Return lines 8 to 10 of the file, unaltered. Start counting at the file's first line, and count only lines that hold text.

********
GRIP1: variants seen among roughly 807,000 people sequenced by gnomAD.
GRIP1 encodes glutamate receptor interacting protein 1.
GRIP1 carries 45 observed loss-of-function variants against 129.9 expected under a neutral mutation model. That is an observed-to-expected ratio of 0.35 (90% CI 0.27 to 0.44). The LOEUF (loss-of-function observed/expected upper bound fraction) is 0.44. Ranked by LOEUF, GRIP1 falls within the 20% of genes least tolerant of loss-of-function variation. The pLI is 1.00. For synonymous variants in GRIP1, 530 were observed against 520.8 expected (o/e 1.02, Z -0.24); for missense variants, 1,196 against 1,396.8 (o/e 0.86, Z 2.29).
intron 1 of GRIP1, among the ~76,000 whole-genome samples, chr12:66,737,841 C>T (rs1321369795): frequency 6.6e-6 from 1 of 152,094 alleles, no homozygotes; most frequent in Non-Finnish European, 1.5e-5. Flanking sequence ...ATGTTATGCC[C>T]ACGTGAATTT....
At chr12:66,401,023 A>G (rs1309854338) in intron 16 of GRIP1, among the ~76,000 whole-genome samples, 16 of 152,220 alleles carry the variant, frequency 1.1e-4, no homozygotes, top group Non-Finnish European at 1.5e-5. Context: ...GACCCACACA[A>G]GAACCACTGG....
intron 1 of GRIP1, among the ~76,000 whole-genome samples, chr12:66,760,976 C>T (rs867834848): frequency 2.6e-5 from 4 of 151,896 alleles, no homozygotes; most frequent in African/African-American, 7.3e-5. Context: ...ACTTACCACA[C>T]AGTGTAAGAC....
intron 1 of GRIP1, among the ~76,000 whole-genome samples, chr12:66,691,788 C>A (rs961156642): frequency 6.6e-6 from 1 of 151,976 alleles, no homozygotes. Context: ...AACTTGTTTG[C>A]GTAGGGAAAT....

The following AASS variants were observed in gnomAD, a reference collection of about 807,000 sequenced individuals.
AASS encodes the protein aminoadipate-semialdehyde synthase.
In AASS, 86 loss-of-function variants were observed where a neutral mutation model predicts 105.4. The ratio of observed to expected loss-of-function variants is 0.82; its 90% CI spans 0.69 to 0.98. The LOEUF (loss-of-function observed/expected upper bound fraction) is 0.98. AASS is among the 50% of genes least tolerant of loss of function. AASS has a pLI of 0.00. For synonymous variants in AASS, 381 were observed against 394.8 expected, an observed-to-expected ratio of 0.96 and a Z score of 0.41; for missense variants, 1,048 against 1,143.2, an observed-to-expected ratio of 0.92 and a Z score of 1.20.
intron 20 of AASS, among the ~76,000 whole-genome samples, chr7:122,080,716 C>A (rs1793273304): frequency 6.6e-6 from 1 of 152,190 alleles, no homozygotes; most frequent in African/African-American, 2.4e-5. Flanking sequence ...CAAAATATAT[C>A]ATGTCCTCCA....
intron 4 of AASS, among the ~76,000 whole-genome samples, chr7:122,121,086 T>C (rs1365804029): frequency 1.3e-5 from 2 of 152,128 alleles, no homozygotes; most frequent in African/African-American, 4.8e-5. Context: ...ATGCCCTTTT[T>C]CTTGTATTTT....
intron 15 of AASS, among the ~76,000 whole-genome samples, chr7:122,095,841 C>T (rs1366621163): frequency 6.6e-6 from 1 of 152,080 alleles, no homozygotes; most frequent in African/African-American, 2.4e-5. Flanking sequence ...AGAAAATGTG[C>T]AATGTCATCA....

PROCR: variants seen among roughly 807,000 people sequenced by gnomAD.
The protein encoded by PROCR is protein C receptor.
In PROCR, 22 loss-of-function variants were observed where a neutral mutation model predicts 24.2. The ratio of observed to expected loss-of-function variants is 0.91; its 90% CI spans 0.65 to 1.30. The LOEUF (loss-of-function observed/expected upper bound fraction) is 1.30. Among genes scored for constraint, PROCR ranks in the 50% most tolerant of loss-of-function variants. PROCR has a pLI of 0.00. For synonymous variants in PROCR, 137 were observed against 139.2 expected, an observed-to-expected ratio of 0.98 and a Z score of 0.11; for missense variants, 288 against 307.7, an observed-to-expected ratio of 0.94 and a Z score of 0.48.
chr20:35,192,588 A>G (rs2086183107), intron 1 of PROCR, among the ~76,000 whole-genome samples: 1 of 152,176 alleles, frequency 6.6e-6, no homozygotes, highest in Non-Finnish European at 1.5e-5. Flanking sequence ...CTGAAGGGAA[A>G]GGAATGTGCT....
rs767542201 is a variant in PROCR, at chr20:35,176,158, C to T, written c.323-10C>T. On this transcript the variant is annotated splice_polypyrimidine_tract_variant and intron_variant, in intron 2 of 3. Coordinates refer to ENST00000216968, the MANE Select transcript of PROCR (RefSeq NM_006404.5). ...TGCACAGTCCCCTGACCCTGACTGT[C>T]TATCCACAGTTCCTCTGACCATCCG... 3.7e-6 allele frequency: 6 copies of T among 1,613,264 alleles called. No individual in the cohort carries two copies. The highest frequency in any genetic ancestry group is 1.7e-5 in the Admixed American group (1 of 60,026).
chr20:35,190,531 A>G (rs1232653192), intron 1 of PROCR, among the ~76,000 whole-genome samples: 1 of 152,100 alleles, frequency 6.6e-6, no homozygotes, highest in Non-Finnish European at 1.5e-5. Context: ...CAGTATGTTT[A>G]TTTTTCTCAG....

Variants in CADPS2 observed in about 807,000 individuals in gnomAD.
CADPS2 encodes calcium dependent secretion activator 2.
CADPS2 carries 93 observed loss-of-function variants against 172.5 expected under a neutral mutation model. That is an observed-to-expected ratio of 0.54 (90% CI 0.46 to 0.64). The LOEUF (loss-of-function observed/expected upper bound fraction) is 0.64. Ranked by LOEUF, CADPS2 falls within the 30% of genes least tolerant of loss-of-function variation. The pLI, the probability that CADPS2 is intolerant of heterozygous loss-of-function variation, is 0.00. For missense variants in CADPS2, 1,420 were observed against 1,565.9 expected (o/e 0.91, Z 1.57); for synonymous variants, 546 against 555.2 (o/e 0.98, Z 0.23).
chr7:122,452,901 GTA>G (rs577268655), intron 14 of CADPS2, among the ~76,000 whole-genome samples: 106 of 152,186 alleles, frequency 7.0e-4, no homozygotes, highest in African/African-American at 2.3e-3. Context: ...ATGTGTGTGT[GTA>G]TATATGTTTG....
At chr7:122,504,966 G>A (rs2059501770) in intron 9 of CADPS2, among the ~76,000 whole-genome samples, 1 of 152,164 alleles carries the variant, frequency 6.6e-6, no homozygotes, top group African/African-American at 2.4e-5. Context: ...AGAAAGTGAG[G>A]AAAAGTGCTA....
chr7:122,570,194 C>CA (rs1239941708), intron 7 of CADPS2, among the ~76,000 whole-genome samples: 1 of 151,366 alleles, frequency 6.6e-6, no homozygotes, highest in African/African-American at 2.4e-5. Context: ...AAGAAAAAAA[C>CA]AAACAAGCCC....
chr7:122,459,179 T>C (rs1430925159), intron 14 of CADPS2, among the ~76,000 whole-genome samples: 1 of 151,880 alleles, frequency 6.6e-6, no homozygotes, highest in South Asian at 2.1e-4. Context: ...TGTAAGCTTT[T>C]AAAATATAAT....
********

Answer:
The following AASS variants were observed in gnomAD, a reference collection of about 807,000 sequenced individuals.
AASS encodes the protein aminoadipate-semialdehyde synthase.
In AASS, 86 loss-of-function variants were observed where a neutral mutation model predicts 105.4. The ratio of observed to expected loss-of-function variants is 0.82; its 90% CI spans 0.69 to 0.98. The LOEUF (loss-of-function observed/expected upper bound fraction) is 0.98. AASS is among the 50% of genes least tolerant of loss of function. AASS has a pLI of 0.00. For synonymous variants in AASS, 381 were observed against 394.8 expected, an observed-to-expected ratio of 0.96 and a Z score of 0.41; for missense variants, 1,048 against 1,143.2, an observed-to-expected ratio of 0.92 and a Z score of 1.20.